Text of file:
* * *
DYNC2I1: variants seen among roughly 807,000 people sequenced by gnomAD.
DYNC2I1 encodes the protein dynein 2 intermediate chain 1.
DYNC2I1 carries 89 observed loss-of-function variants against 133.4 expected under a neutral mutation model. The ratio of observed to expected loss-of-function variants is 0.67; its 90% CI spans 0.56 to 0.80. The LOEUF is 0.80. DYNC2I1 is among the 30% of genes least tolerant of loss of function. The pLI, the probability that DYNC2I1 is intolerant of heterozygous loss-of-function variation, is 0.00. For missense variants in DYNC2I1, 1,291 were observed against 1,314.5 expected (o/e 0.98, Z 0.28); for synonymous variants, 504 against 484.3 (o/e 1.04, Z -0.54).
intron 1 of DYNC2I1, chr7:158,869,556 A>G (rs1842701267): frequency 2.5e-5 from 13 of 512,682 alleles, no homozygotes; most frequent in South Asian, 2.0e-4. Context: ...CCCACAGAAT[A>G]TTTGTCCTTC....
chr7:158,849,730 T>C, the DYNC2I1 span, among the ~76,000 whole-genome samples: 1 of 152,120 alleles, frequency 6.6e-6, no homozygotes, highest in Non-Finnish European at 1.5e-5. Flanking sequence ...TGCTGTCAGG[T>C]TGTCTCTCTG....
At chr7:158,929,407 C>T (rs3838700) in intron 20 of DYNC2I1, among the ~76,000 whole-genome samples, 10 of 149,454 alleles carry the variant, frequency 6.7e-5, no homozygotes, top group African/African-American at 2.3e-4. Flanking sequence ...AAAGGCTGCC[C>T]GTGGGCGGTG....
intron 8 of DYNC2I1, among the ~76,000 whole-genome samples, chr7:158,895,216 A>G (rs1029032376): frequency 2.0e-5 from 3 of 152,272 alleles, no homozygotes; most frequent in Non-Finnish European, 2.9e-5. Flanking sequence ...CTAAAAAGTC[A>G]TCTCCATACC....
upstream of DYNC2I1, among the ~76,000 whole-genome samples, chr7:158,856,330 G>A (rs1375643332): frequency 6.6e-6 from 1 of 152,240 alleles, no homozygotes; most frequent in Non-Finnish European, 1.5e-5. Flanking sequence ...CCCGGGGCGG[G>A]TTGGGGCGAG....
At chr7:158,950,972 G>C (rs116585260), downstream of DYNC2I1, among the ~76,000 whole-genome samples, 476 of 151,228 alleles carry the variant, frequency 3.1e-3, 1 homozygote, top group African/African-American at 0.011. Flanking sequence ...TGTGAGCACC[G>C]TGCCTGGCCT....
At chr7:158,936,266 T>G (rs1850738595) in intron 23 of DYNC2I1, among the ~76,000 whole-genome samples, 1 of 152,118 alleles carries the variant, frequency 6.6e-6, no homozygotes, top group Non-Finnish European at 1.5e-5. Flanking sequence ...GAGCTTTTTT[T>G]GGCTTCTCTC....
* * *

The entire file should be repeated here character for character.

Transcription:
DYNC2I1: variants seen among roughly 807,000 people sequenced by gnomAD.
DYNC2I1 encodes the protein dynein 2 intermediate chain 1.
DYNC2I1 carries 89 observed loss-of-function variants against 133.4 expected under a neutral mutation model. The ratio of observed to expected loss-of-function variants is 0.67; its 90% CI spans 0.56 to 0.80. The LOEUF is 0.80. DYNC2I1 is among the 30% of genes least tolerant of loss of function. The pLI, the probability that DYNC2I1 is intolerant of heterozygous loss-of-function variation, is 0.00. For missense variants in DYNC2I1, 1,291 were observed against 1,314.5 expected (o/e 0.98, Z 0.28); for synonymous variants, 504 against 484.3 (o/e 1.04, Z -0.54).
intron 1 of DYNC2I1, chr7:158,869,556 A>G (rs1842701267): frequency 2.5e-5 from 13 of 512,682 alleles, no homozygotes; most frequent in South Asian, 2.0e-4. Context: ...CCCACAGAAT[A>G]TTTGTCCTTC....
chr7:158,849,730 T>C, the DYNC2I1 span, among the ~76,000 whole-genome samples: 1 of 152,120 alleles, frequency 6.6e-6, no homozygotes, highest in Non-Finnish European at 1.5e-5. Flanking sequence ...TGCTGTCAGG[T>C]TGTCTCTCTG....
At chr7:158,929,407 C>T (rs3838700) in intron 20 of DYNC2I1, among the ~76,000 whole-genome samples, 10 of 149,454 alleles carry the variant, frequency 6.7e-5, no homozygotes, top group African/African-American at 2.3e-4. Flanking sequence ...AAAGGCTGCC[C>T]GTGGGCGGTG....
intron 8 of DYNC2I1, among the ~76,000 whole-genome samples, chr7:158,895,216 A>G (rs1029032376): frequency 2.0e-5 from 3 of 152,272 alleles, no homozygotes; most frequent in Non-Finnish European, 2.9e-5. Flanking sequence ...CTAAAAAGTC[A>G]TCTCCATACC....
upstream of DYNC2I1, among the ~76,000 whole-genome samples, chr7:158,856,330 G>A (rs1375643332): frequency 6.6e-6 from 1 of 152,240 alleles, no homozygotes; most frequent in Non-Finnish European, 1.5e-5. Flanking sequence ...CCCGGGGCGG[G>A]TTGGGGCGAG....
At chr7:158,950,972 G>C (rs116585260), downstream of DYNC2I1, among the ~76,000 whole-genome samples, 476 of 151,228 alleles carry the variant, frequency 3.1e-3, 1 homozygote, top group African/African-American at 0.011. Flanking sequence ...TGTGAGCACC[G>C]TGCCTGGCCT....
At chr7:158,936,266 T>G (rs1850738595) in intron 23 of DYNC2I1, among the ~76,000 whole-genome samples, 1 of 152,118 alleles carries the variant, frequency 6.6e-6, no homozygotes, top group Non-Finnish European at 1.5e-5. Flanking sequence ...GAGCTTTTTT[T>G]GGCTTCTCTC....